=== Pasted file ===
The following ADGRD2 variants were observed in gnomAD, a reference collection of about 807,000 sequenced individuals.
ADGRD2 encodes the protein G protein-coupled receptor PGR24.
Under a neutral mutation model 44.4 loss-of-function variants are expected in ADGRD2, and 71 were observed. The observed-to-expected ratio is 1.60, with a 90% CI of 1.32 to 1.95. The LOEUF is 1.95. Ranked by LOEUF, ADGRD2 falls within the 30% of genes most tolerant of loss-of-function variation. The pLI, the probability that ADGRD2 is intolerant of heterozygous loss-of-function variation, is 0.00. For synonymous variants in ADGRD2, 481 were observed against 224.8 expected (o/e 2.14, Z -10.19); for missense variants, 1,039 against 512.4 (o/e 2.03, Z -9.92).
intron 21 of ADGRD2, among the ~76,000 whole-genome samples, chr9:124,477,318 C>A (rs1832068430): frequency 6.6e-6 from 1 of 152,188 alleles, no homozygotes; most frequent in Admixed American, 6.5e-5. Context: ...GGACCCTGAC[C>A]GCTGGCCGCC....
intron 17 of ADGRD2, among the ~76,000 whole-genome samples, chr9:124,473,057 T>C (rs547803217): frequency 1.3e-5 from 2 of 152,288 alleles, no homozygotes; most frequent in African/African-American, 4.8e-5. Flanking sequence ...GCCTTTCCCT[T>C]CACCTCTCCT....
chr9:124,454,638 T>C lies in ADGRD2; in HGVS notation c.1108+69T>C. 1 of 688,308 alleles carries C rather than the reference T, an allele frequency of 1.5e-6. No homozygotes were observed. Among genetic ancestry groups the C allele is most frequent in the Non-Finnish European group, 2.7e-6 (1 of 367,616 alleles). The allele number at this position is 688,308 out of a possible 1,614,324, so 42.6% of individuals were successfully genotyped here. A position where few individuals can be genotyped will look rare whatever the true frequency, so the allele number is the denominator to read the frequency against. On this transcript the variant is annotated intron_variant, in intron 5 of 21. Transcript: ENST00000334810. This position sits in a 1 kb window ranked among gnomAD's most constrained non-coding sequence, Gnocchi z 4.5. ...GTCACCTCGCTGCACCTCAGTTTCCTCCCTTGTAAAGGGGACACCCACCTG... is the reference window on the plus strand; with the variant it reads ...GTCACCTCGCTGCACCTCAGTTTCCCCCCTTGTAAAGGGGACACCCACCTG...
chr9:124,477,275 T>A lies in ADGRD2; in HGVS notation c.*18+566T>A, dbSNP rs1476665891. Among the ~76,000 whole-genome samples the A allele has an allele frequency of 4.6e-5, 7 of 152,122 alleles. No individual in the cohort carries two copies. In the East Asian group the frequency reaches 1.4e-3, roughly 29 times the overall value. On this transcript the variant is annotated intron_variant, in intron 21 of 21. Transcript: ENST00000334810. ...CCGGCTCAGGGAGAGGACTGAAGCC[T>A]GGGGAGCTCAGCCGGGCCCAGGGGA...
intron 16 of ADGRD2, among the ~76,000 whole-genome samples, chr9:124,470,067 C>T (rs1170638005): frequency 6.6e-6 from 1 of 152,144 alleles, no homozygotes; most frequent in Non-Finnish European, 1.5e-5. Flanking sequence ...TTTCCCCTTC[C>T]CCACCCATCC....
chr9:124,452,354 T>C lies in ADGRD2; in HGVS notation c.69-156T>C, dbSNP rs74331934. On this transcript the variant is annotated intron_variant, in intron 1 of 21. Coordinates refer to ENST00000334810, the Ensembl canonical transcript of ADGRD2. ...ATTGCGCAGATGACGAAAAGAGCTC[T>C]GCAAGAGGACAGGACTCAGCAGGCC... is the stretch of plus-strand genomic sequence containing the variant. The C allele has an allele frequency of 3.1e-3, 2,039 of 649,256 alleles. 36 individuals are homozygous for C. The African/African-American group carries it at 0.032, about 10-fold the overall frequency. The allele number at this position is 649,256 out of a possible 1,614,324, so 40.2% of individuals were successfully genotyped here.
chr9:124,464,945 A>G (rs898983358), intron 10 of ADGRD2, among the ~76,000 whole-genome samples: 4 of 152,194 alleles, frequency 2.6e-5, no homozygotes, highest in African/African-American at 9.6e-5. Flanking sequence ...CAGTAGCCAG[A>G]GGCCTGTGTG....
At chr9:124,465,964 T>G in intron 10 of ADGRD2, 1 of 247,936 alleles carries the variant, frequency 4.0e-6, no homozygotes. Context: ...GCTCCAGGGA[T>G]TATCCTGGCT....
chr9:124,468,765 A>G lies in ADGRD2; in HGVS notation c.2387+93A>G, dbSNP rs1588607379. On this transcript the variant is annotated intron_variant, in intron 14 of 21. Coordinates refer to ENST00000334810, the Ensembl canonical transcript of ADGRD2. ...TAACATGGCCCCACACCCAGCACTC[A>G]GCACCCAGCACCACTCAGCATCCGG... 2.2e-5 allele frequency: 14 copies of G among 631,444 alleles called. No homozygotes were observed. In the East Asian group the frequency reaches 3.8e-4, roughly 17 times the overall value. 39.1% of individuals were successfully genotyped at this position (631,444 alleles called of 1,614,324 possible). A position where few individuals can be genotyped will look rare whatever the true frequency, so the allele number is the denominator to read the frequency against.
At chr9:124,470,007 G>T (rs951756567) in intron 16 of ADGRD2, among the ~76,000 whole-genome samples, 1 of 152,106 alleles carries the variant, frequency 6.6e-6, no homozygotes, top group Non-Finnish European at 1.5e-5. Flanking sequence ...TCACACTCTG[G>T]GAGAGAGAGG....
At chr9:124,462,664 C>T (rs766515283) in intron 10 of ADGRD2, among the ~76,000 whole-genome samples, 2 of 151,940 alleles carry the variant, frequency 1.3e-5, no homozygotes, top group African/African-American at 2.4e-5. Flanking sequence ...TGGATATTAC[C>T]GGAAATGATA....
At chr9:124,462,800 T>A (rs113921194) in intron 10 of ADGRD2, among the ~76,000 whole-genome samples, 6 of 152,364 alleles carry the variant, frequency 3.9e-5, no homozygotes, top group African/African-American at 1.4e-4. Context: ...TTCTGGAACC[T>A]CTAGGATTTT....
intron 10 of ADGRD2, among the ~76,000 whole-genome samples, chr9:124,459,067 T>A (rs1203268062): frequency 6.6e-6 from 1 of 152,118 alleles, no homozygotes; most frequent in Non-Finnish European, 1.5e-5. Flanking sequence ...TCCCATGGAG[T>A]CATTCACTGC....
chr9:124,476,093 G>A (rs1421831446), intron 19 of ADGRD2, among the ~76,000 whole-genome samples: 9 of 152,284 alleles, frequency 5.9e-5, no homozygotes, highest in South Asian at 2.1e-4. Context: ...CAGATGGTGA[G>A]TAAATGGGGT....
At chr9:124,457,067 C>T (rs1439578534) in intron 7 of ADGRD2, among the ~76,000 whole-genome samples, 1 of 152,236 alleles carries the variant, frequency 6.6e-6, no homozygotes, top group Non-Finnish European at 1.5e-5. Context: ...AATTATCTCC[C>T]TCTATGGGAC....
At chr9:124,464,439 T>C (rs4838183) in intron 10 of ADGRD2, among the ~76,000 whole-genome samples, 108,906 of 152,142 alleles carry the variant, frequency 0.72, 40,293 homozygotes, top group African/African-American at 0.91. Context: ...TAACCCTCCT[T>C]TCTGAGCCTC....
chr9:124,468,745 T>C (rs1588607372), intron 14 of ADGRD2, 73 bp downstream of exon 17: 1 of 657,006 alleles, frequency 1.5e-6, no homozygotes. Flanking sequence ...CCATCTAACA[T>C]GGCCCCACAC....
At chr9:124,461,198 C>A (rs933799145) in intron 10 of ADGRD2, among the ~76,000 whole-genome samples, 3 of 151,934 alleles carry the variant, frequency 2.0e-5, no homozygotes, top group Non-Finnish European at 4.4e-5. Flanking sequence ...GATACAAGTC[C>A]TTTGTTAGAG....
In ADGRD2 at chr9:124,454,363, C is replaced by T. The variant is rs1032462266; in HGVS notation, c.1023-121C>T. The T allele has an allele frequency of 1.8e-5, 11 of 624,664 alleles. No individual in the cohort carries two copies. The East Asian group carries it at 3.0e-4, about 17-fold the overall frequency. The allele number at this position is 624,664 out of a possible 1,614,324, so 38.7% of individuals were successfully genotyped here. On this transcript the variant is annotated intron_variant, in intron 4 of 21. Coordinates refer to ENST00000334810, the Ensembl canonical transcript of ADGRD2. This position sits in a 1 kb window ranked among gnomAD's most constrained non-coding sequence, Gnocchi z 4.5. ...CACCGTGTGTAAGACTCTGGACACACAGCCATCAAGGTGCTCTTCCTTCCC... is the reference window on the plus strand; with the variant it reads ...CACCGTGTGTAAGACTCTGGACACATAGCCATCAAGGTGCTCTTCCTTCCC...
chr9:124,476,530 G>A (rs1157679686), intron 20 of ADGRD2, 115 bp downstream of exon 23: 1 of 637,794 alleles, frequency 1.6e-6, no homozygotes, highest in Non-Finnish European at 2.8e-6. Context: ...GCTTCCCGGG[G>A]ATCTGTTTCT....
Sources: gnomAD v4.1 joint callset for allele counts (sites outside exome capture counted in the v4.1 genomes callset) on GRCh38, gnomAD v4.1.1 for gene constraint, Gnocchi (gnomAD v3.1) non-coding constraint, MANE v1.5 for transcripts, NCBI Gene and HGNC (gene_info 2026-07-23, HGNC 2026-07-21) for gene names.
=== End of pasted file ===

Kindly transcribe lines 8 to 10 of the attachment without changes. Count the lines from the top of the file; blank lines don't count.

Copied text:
intron 16 of ADGRD2, among the ~76,000 whole-genome samples, chr9:124,470,067 C>T (rs1170638005): frequency 6.6e-6 from 1 of 152,144 alleles, no homozygotes; most frequent in Non-Finnish European, 1.5e-5. Flanking sequence ...TTTCCCCTTC[C>T]CCACCCATCC....
chr9:124,452,354 T>C lies in ADGRD2; in HGVS notation c.69-156T>C, dbSNP rs74331934. On this transcript the variant is annotated intron_variant, in intron 1 of 21. Coordinates refer to ENST00000334810, the Ensembl canonical transcript of ADGRD2. ...ATTGCGCAGATGACGAAAAGAGCTC[T>C]GCAAGAGGACAGGACTCAGCAGGCC... is the stretch of plus-strand genomic sequence containing the variant. The C allele has an allele frequency of 3.1e-3, 2,039 of 649,256 alleles. 36 individuals are homozygous for C. The African/African-American group carries it at 0.032, about 10-fold the overall frequency. The allele number at this position is 649,256 out of a possible 1,614,324, so 40.2% of individuals were successfully genotyped here.
chr9:124,464,945 A>G (rs898983358), intron 10 of ADGRD2, among the ~76,000 whole-genome samples: 4 of 152,194 alleles, frequency 2.6e-5, no homozygotes, highest in African/African-American at 9.6e-5. Flanking sequence ...CAGTAGCCAG[A>G]GGCCTGTGTG....